The clinical hematology laboratory contains two different types of testing: hematological and coagulation testing. On the hematological side of testing, the main test performed is the complete blood count (CBC), which directly measures the number of red blood cells, white blood cells, platelets, and hemoglobin, as well as indirectly measuring other values by calculations. These tests are performed using a well-mixed whole blood sample that has been collected in a tube containing ethylene diamine triacetic acid, also known as EDTA. Before hematological results are sent out to the healthcare team, they are reviewed by the medical laboratory technologist (MLT). Any abnormal results that are seen by the MLT (either increased or decreased beyond reference ranges) are made into slides and further microscopic analyses are performed. Some results may even be “critical” in the sense that they are so abnormal that the patient may be at risk if the result is not reported immediately. While reviewing parameters, certain “checks” are also performed as an internal quality control system for the sample. One of these kinds of systems include delta checks, which are a comparison of a patient’s previous results to those most current. While changes in values can occur due to the physiological state of the patient, these internal checks are also great for identifying if a sample was taken from the wrong patient.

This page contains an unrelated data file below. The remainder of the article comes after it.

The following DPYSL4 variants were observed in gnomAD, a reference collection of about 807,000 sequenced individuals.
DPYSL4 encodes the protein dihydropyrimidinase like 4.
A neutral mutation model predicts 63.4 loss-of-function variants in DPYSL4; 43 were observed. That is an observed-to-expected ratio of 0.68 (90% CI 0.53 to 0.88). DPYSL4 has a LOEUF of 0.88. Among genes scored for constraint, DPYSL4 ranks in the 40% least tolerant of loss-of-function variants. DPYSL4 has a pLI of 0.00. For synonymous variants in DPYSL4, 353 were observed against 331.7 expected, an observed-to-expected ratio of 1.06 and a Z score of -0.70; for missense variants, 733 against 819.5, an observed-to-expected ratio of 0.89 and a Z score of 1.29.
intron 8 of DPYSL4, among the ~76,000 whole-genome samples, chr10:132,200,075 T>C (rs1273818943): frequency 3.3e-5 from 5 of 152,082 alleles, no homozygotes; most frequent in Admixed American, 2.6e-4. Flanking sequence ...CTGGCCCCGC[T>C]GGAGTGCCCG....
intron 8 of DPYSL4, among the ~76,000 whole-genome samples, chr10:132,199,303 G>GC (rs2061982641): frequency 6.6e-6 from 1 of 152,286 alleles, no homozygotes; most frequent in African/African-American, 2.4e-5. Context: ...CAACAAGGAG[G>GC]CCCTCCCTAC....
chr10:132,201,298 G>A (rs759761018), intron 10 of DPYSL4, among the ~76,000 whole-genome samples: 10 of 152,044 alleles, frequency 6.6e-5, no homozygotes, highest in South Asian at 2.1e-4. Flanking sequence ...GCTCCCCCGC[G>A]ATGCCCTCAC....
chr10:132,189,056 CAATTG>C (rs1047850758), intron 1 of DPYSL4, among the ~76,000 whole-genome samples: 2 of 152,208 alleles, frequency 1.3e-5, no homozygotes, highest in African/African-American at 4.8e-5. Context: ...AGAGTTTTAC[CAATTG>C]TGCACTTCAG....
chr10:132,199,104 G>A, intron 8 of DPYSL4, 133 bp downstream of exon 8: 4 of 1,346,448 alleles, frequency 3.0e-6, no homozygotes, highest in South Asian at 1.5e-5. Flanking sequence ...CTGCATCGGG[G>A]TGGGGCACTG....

As previously mentioned, all abnormal specimens have slides that are created, stained, and reviewed microscopically. While reviewing hematological slides, the technologist comments on red blood cell size, abnormal shapes, the different types of white blood cells present, abnormalities in platelets, etc. Blood cells can be abnormal for a variety of reasons, either nutritional (such as iron deficiency anemia or megaloblastic anemia), genetic (such as thalassemia or sickle cell anemia), due to microorganisms (such as mononucleosis or malaria), or even cancer (such as leukemias or lymphomas). It is incredible to be able to see and determine these different illnesses from the changes they cause in the blood.